Don’t Stop
Totally/Smalltown Supersound

Debuting in 2005 with Anniemal, Norwegian chanteuse Annie (nee Anne Lilia Berge Strand) arrived primed to be the latest hotshit pop diva, even with singles like “Chewing Gum” coming off a tad more churlish than the stuff to which the mainstream was normally accustomed. The aforementioned track and minor hit “Heartbeat” possessed a suitably elastic bounce, though, the remainder of the album lacked the same fizz, and by comparison, seemed flat. As such, she failed to make a big splash this side of the pond with Anniemal, her expected ripple never making it past music press geeks and other coastal in-the-knows.

In contrast, Don’t Stop, Annie’s three-years-in-the-making follow-up, seems everything Anniemal was and more. “My Love Is Better,” a collaboration with Franz Ferdinand’s Alex Kapranos, may be concocted from the same elements as “Chewing Gum” (radiant pop melody + hyper-pitched vocals), but it’s surrounded by cuts that place Annie’s alluring coo in a number of contexts. “Hey Annie” juxtaposes a big voodoo beat with techno-shined tones. “I Don’t Like Your Band” isn’t as big of a kiss-off as the title would indicate, with Annie stressing, “I like you, but I don’t like your band.... I feel bad,” over overlapping oscillating synths. And “Songs Remind Me of You” taps a similar thematic vein, while musically, it’s rooted in Italian and other flavors of post-disco electro-pop. But it’s with “Bad Times” that Annie shows her hit potential. A combination of twinkling keyboard nodes and melodic guitar lines, this is (without trying to sound salacious) “Annie does New Order,” and its her best look, even if not her most creative. With Don’t Stop, Annie has found the wherewithal to imbue each stylistic alteration with her idiosyncrasies—a playful wink and a dash of malaise—a mark of the singer coming into her own.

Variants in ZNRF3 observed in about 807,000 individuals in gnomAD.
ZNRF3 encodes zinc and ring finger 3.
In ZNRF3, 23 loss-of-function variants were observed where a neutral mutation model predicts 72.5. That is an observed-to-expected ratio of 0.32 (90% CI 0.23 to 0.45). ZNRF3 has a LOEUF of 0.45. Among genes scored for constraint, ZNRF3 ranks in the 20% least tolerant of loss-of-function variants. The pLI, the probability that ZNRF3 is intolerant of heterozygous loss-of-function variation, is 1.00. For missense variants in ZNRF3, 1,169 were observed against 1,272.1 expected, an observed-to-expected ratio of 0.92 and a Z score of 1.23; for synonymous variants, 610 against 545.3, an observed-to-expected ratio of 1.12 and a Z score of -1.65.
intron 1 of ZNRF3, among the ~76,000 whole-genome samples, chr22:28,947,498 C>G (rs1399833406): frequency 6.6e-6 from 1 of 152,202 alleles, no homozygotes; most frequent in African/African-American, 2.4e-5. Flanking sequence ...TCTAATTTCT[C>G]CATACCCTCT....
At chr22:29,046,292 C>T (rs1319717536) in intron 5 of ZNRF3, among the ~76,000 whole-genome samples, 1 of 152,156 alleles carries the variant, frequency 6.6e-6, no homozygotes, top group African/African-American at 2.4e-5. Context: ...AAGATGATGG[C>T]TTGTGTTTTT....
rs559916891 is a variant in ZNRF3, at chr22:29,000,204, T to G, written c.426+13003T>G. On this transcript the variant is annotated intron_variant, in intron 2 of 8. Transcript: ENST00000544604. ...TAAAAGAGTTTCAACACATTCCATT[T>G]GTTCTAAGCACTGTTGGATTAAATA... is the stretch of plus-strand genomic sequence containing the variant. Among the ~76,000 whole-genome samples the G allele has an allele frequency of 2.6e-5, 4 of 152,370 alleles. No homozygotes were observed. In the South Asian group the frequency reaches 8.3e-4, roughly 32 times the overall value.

Stephen Slaybaugh

Tape Deck Mountain

You have to admire the ambitions of San Diego native Travis Trevisan, even if his debut as Tape Deck Mountain ultimately falls short of the album’s intended impact. For one, Trevisan arrives with the gall to self-proclaim his project as “mid-fi,” as if he’s found some common ground between the home-recorded aesthetes that manage to craft with next to nothing and the full-studio practioners who have the universe at their disposal. But little on Ghost achieves that delicate balance. If anything, he’s found a way to mesh genre (a cup of sensitive slacker pop diluting a powerful gallon of atmospheric post-rock) and disguised it as a falsely intriguing production prop. Ghost isn’t wrapped in an identity crisis as much as it is trying to have the best of both worlds, all the while forgetting to pay attention to the make of the songs, which incidentally float by in fleeting moments.